Finance fishing boats

Letters: Scotland making progress on SNP, but needs independence to thrive

I WOULD LIKE to suggest that it is not, as Dr Gerald Edwards claims (Letters, December 12), the Scottish Government that is scratching the bottom of the barrel, but Dr Edwards himself, when he claims that “under the SNP, Scotland is backing down “.

Since coming to power, SNP policies have resulted in the highest level of investment in education in the UK, with 1,000 schools built or upgraded, with more teachers than at any time since 2008, while the number of top passes is at an all time high since devolution. started, and Scottish students pay no college tuition fees. The new game-changing Scottish payment for children has been introduced and now doubled, and Scots are not being charged over the counter for their prescriptions, currently £ 9.35 per item in England.

I would say that far from ‘backing down’ Scotland is moving forward. However, we could have gone even faster if we had had an oil fund for 50 years, similar to that of independent Norway. Dr Edwards calls ‘It’s Scotland’s Oil’ an inappropriate slogan; it was not the slogan that was inappropriate, it was the fact that Scotland had no control over the oil wealth in our waters which flowed directly into the British Treasury. Scotland’s past is in the hands of Westminster; Scotland’s future must be in Scotland’s hands, for good.

Ruth Marr, Stirling.


THE AMAZING hardly describes what I felt reading that a multi-million pound fund has been set up which will allow Scottish fishermen to buy boats (“New fund allows young Scots to spend on boats for a “dangerous but rewarding” career “, 12 December).

Just a generation ago, a multi-million pound fund was set up to pay fishermen to destroy boats. Perfectly healthy boats were demolished and sold for scrap.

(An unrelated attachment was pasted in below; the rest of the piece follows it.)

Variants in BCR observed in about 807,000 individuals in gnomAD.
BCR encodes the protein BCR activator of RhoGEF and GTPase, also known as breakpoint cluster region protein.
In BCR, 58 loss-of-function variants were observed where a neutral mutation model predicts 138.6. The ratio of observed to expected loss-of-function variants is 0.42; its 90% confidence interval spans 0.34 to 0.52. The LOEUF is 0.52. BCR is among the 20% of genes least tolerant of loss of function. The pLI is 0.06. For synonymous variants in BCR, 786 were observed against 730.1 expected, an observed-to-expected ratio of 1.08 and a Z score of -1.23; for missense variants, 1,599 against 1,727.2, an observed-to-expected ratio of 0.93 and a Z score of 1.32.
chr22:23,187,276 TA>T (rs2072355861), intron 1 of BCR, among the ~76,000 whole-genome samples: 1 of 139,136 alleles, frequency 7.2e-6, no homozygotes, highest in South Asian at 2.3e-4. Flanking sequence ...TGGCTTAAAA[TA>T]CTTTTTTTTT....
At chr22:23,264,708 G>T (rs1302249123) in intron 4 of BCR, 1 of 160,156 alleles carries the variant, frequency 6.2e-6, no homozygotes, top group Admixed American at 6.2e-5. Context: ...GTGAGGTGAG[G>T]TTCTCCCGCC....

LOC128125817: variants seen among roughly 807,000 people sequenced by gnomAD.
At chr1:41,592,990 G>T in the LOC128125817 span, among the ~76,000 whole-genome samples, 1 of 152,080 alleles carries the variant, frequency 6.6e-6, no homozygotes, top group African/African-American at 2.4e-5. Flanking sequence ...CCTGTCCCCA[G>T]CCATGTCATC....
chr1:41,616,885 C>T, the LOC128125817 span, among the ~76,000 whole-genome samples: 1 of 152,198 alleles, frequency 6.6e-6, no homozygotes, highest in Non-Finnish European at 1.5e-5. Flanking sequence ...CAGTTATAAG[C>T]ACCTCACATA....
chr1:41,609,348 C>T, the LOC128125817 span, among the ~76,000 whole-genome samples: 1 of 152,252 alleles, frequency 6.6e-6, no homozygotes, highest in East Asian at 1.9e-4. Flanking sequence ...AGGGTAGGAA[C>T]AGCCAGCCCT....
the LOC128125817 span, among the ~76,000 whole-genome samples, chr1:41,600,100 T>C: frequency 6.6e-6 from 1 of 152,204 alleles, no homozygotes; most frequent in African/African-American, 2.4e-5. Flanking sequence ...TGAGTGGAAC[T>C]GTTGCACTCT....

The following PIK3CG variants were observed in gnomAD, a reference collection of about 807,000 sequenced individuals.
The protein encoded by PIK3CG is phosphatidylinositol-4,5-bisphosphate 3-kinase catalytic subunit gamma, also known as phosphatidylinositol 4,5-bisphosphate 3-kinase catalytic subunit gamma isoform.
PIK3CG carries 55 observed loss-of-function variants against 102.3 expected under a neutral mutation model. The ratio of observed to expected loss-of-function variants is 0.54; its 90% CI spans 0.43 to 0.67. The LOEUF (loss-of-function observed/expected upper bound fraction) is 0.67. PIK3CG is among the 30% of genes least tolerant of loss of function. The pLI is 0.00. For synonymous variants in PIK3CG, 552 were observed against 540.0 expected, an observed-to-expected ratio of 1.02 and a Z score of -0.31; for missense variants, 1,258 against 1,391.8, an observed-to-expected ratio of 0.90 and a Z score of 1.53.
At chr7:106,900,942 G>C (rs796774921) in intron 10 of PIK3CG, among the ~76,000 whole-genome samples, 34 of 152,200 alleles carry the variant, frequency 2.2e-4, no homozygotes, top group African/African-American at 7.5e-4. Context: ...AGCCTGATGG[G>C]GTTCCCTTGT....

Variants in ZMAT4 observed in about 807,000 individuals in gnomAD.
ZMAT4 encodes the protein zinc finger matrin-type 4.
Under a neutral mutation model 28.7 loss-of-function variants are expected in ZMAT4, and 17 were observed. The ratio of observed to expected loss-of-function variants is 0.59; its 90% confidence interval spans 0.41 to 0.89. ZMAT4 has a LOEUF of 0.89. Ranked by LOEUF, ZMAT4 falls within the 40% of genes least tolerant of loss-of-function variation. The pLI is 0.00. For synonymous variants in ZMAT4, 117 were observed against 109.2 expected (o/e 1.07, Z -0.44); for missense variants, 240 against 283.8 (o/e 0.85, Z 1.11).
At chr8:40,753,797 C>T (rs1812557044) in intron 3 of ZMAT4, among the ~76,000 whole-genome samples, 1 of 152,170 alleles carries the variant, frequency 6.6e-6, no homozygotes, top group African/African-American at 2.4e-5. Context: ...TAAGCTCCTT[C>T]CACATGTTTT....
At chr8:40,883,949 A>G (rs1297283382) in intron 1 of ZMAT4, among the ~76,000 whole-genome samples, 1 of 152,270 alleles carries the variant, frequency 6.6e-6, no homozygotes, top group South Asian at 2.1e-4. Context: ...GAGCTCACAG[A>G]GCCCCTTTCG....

A few pages later in the same edition, you publish a report on the incursions into Marine Protected Areas (MPAs) of so-called ‘rogue fishermen’ (‘Fury at fail to protect Scottish waters from’ rogue ‘fishes », December 12). It is suggested that the incidents reported are just the tip of the iceberg. It is also suggested that the lack of prosecution and inadequate sanctions do not prove to be a deterrent for this activity.

This report follows many others published recently by The Herald on Sunday, which focused on the damage to the seabed from indiscriminate and destructive bottom trawling both outside and inside MPAs.

It seems to me that there is more than a little irony in these two contradictory reports.

When will this madness end?

David Clark, Tarbolton.


CLARK Cross (Letters, December 12) is free to be skeptical of migrants, but he may be on the wrong target with those entering the water at Pas de Calais.

There is a simple answer to his question as to why they don’t get on the train or the ferry. Immigration control officers at ferry ports and on the train would have a duty to stop them, and for some reason that doesn’t lead to the same official assessment they get when landing on the beach. Many carriers will not even take on people who do not have a documented landing right.

UK administrative policy is clearly on the rise and is helping to put migrants at risk of death.

These Central Asians on the beach are not chancellors or liars. They are Kurds and Afghans fleeing the murderers.

The other part of his argument is more difficult to answer because the facts are not known. But if France’s involvement is limited to hindering embarkation on the foreshore, it does not seem that migrants are offered France as an option. There’s just as much milk and honey out there and, better yet, European citizenship on the horizon for the settlers. I cannot know what happened in other transit countries.

Interviews with the migrants, however, revealed something frightening. They experienced not only the merciful support of French volunteers, but also the hostility of French racists. And they think no racism awaits them in Britain.

I am on Angel Merkel’s side that we must help as many unfortunate people as possible and that wanting a new country is not a crime. Nonetheless, I have my own red lines, and I understand as well as everyone that the economically promising parts of the UK are already very crowded and expensive.

On the other hand, there are UK companies that are suffering from staff shortages because Europeans cannot enter unconditionally either.

Mr. Cross can choose his own opinions, but I would like to help him be precise and honest just as much as I would like to avoid kidding myself in any way.

Tim Cox, Bern, Switzerland.